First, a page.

What are Oncosomes?
Nanotechnology use for divergent isolation of oncosomes and exosomes.
Oncosomes are, at present, scientifically understood to be membrane-derived micro-vesicles that are secreted by cancer cells and transfer oncogenic messages and protein complexes across cell borders. The names, from, oncogenic: relating to tumour formation or tending to cause tumours, oncosomes are being characterised as exosomes that contain oncogenic cargo and/or unique signatures of the tumour cells from which they emerge.
Newly identified in recent research, oncosomes are membranous micro-vesicles that are understood to be involved in rapid intercellular transfer of oncogenic information from brain and spinal cord tumour cells. Although this process echos cell-to-cell behaviour-altering signalling, it involves inter-cellular transfer of a membrane-bound organised micro structures within a living cell, rather than a soluble protein such as hormones or cytokines.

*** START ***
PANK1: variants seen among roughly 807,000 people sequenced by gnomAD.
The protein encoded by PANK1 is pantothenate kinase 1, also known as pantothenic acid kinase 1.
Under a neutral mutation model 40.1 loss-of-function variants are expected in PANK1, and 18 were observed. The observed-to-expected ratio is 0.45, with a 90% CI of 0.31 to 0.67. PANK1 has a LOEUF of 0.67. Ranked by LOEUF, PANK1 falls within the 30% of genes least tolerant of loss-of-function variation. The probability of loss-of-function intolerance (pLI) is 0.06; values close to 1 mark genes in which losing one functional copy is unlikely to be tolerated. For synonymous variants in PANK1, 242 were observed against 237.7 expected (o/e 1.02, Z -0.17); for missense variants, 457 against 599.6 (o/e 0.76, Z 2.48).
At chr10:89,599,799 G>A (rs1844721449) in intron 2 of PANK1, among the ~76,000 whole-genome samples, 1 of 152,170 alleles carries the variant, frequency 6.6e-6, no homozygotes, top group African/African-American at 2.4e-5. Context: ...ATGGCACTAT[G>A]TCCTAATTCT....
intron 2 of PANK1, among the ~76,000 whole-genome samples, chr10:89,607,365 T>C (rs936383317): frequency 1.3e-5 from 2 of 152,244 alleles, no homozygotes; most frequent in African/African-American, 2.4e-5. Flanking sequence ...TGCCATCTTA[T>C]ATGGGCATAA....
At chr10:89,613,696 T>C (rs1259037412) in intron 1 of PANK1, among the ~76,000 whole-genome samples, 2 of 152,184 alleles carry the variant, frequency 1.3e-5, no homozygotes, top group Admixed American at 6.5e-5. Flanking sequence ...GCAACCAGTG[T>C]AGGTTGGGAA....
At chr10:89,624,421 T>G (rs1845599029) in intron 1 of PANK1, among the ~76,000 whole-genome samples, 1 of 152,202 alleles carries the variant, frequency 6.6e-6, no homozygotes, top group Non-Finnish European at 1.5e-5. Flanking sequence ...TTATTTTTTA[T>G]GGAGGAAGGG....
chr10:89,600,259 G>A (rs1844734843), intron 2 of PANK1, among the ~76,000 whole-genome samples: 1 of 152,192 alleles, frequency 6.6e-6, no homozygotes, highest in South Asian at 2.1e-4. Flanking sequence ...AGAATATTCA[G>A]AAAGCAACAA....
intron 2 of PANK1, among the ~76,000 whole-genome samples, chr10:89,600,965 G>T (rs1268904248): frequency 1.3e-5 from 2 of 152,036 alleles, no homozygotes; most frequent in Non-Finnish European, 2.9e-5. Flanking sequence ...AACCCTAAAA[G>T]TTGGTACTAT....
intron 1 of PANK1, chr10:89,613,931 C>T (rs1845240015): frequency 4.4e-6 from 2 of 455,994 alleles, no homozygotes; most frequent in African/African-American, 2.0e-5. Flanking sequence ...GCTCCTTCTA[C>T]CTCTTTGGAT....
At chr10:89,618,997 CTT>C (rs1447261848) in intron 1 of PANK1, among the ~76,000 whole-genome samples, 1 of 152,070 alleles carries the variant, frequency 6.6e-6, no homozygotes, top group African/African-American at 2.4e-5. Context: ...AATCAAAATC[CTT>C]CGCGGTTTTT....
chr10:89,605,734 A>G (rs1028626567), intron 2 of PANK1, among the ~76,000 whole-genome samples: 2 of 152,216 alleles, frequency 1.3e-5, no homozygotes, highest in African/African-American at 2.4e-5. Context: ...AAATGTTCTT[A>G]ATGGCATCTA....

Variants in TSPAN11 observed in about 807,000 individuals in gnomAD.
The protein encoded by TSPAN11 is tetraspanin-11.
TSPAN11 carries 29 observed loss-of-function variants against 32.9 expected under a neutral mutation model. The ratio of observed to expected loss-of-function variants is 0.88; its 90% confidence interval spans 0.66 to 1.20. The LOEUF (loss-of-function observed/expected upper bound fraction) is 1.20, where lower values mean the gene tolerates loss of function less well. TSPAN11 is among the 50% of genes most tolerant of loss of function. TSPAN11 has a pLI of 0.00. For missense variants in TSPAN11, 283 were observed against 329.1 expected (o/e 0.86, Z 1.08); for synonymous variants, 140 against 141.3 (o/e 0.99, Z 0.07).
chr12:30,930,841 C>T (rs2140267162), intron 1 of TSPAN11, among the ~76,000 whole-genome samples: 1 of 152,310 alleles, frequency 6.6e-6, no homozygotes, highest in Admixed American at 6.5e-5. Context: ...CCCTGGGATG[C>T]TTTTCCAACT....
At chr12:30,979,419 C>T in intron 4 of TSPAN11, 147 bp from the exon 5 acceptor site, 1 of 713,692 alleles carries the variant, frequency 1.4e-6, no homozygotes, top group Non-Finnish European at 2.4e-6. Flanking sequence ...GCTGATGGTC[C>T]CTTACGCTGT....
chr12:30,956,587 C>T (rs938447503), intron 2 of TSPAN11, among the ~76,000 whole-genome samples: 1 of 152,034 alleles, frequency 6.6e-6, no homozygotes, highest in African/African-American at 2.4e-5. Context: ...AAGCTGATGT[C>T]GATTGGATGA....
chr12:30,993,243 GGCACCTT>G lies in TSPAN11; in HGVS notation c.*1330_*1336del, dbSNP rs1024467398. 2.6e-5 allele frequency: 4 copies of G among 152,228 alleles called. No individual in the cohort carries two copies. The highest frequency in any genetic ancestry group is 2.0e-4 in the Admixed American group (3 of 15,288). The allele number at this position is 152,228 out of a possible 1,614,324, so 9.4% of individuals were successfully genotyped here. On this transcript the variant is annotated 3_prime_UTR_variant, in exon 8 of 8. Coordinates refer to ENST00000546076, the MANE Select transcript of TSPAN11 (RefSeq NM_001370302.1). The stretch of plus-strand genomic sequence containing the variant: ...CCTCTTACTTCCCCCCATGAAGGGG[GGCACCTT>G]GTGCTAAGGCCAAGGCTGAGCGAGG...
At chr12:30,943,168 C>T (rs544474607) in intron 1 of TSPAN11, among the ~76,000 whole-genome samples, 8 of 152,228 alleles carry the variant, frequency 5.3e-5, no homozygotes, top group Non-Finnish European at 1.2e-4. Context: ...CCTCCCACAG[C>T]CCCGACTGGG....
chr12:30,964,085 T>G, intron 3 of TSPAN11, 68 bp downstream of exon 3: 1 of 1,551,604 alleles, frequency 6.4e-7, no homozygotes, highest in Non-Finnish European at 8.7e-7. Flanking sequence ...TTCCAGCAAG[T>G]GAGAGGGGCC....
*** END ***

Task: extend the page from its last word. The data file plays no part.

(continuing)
Large oncosomes are uncommonly large extracellular vesicles associated with advanced disease (cancer derived). The enzymes involved in metabolic processes relevant to cancer such as amino acid, glutamine and glucose are being found in the proteins enriched in large oncosomes.
Tumour cells produce EVs containing molecular responders of several cancer-related processes. In particular, oncosomes additionally contain oncogenic proteins, DNA, transcripts, and non-coding RNA molecules (microRNA). Consumption of the material can alter properties of the recipient cells and impact the micro environment of the tumour. It is being assumed that metastases to the brain may also release with oncogenic signatures. As a consequence, extracellular vesicles emerge as a new and functionally important vehicle of intercellular communication that can facilitate numerous biological effects. In addition, they provide a unique station for development of molecular biological markers in cerebral malignancies.